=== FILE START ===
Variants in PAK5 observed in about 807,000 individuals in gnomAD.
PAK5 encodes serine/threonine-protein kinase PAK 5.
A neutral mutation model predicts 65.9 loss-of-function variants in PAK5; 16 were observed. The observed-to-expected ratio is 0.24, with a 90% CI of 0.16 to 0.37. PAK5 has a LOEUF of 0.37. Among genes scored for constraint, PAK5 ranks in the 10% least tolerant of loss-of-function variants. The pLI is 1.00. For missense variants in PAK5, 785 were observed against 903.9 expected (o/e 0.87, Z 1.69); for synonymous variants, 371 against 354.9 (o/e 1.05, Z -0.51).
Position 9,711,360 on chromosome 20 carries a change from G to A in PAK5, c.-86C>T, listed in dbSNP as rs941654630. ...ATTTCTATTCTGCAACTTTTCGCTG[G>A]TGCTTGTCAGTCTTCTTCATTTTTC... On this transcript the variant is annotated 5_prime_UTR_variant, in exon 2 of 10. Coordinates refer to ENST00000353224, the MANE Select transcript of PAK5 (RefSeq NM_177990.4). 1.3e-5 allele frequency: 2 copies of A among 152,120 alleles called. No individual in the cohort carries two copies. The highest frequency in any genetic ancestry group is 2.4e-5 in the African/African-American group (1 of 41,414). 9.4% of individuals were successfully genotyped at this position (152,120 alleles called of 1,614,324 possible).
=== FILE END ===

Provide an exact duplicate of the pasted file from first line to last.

Variants in PAK5 observed in about 807,000 individuals in gnomAD.
PAK5 encodes serine/threonine-protein kinase PAK 5.
A neutral mutation model predicts 65.9 loss-of-function variants in PAK5; 16 were observed. The observed-to-expected ratio is 0.24, with a 90% CI of 0.16 to 0.37. PAK5 has a LOEUF of 0.37. Among genes scored for constraint, PAK5 ranks in the 10% least tolerant of loss-of-function variants. The pLI is 1.00. For missense variants in PAK5, 785 were observed against 903.9 expected (o/e 0.87, Z 1.69); for synonymous variants, 371 against 354.9 (o/e 1.05, Z -0.51).
Position 9,711,360 on chromosome 20 carries a change from G to A in PAK5, c.-86C>T, listed in dbSNP as rs941654630. ...ATTTCTATTCTGCAACTTTTCGCTG[G>A]TGCTTGTCAGTCTTCTTCATTTTTC... On this transcript the variant is annotated 5_prime_UTR_variant, in exon 2 of 10. Coordinates refer to ENST00000353224, the MANE Select transcript of PAK5 (RefSeq NM_177990.4). 1.3e-5 allele frequency: 2 copies of A among 152,120 alleles called. No individual in the cohort carries two copies. The highest frequency in any genetic ancestry group is 2.4e-5 in the African/African-American group (1 of 41,414). 9.4% of individuals were successfully genotyped at this position (152,120 alleles called of 1,614,324 possible).